More like D just doesn't care about mixing abstract and final. They're perfectly compatible on a technical level. abstract means that you can't instantiate it, because some of the function's have been declared but not defined, whereas final means that you can't derive from it (if it's a class), or you can't override it (if it's a function). Those attributes aren't in and of themselves contradictory. They just result in a fairly useless object (aside from whatever static functions you throw on it, in which case, you're basically making a namespace, though it still incurs some overhead, since the class definition still exists). Apparently Java gives you an error if you mix abstract and final, but that's only because it checks for that. D doesn't bother to check, so you get the natural consequence of mixing them. I'm quite sure that the fact that it works that way is an accident. It was never intentially made to be allowed or disallowed. It's just allowed, because there's nothing intrinsic about either of the attributes which makes it illegal, and no effort was made to do prevent it (it probably didn't even occur to Walter that anyone would do it). I'd expect it to continue to work though, since it doesn't really harm anything, and it would break code if it were disallowed. - Jonathan M Davis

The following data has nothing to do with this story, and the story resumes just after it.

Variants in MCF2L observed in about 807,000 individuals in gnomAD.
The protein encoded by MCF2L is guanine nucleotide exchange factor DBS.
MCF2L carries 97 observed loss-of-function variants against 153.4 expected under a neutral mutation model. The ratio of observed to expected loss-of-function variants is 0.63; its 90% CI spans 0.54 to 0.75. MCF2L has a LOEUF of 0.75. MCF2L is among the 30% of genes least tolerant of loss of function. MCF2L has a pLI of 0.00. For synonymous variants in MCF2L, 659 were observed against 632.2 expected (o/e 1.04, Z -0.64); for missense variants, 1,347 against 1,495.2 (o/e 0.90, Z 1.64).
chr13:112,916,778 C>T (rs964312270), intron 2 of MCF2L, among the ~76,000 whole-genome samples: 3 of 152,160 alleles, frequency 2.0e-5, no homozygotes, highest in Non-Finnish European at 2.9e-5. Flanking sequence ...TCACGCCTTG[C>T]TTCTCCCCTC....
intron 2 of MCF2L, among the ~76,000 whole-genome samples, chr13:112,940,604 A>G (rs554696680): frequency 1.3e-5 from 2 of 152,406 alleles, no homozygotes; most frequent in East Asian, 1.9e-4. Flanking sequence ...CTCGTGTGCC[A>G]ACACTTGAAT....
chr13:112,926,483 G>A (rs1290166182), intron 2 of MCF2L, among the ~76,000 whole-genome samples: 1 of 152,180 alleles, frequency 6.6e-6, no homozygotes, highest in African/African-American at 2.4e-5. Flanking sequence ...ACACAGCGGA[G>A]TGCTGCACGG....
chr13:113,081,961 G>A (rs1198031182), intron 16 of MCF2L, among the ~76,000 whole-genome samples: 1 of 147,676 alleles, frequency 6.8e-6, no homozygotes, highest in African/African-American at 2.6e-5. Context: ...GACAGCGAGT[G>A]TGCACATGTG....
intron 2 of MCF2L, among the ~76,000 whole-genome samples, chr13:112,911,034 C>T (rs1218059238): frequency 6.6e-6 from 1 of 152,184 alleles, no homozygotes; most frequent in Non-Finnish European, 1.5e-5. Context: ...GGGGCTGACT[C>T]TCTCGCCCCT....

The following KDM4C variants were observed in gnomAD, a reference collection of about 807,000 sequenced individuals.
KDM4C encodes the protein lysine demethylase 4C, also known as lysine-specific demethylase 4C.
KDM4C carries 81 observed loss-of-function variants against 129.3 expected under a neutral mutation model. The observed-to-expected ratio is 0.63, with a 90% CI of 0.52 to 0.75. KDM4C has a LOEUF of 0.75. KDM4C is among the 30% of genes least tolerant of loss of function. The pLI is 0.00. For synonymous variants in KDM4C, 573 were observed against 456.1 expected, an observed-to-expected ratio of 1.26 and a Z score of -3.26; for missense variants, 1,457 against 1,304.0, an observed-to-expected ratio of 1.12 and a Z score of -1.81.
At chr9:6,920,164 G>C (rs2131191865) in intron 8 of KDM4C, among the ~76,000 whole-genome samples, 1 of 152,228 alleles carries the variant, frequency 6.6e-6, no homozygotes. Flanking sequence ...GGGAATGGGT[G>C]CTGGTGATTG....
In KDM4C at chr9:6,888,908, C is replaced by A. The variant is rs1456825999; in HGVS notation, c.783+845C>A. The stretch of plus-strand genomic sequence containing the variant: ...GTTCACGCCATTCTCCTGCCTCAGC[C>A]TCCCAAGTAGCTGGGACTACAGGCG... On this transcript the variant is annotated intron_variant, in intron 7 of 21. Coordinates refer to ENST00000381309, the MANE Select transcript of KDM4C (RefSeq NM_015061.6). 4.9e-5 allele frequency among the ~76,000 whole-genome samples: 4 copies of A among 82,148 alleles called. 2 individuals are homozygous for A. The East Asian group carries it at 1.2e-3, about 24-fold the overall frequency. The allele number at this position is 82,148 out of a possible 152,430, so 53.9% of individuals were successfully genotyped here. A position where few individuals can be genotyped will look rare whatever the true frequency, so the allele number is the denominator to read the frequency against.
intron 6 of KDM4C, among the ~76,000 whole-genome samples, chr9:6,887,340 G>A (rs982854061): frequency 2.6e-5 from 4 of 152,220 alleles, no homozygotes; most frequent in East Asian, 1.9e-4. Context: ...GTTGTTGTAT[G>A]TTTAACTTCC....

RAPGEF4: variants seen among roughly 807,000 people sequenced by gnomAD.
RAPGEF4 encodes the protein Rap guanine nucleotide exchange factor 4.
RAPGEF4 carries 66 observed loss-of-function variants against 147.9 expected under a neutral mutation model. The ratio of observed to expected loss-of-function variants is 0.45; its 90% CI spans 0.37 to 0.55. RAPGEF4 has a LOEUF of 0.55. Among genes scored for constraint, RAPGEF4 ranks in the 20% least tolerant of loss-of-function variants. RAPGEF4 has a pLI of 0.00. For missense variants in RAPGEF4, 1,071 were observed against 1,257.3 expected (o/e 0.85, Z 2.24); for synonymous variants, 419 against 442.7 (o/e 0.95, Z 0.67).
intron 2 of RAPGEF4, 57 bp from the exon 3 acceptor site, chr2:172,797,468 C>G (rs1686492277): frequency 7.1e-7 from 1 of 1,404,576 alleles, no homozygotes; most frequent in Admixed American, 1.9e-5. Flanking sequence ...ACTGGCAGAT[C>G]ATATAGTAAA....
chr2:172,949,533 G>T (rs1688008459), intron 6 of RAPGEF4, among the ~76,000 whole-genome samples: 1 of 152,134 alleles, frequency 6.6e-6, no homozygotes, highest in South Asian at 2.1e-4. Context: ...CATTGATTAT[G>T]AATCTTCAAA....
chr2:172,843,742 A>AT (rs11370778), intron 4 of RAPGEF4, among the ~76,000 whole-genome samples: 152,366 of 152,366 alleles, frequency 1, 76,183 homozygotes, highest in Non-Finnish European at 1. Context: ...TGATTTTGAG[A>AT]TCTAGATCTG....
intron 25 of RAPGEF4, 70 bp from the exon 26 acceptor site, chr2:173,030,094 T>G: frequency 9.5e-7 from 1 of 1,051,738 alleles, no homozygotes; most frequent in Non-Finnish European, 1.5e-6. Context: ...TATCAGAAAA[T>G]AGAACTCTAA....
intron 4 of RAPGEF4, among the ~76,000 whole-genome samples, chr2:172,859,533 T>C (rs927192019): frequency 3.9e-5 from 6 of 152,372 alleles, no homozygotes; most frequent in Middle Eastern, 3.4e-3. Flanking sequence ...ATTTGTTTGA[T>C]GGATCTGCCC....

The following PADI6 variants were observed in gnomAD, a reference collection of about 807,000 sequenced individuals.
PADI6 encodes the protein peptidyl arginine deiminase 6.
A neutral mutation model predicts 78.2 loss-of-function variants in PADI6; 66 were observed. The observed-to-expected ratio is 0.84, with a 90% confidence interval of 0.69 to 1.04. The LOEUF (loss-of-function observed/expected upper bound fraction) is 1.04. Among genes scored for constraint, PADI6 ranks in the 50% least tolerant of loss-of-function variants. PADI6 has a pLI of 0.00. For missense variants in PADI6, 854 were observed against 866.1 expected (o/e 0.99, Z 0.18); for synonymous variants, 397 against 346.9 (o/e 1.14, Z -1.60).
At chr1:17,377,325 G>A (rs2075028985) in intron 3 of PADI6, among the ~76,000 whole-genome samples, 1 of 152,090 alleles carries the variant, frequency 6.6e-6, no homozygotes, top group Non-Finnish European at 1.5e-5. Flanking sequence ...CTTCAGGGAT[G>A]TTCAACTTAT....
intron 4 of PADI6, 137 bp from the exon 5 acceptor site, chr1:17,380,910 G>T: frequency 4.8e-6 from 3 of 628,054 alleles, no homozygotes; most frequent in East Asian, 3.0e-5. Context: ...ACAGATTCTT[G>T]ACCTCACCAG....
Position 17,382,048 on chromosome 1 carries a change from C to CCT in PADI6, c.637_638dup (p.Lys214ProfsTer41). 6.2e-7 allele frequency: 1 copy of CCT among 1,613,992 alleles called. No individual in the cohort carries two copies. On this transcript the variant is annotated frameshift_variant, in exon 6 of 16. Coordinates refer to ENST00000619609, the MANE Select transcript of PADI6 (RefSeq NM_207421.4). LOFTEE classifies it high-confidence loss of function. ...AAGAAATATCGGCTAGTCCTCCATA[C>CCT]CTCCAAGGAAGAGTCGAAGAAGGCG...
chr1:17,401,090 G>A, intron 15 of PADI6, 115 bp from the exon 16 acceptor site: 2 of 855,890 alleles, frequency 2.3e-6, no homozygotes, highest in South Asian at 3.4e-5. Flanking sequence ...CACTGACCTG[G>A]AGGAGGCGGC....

Feb 21 2013
parent reply "bearophile" <bearophileHUGS lycos.com> writes:
Jonathan M Davis:

 D doesn't
 bother to check, so you get the natural consequence of mixing 
 them. I'm quite
 sure that the fact that it works that way is an accident. It 
 was never
 intentially made to be allowed or disallowed. It's just 
 allowed, because
 there's nothing intrinsic about either of the attributes which 
 makes it
 illegal, and no effort was made to do prevent it (it probably 
 didn't even occur
 to Walter that anyone would do it). I'd expect it to continue 
 to work though,
 since it doesn't really harm anything,
According the way my brain works, sometimes I find the D compiler unnervingly sloppy.
 and it would break code if it were disallowed.
Uhmm. Bye, bearophile
Feb 21 2013
parent reply "Jonathan M Davis" <jmdavisProg gmx.com> writes:
On Friday, February 22, 2013 00:06:26 bearophile wrote:
 Jonathan M Davis:
 D doesn't
 bother to check, so you get the natural consequence of mixing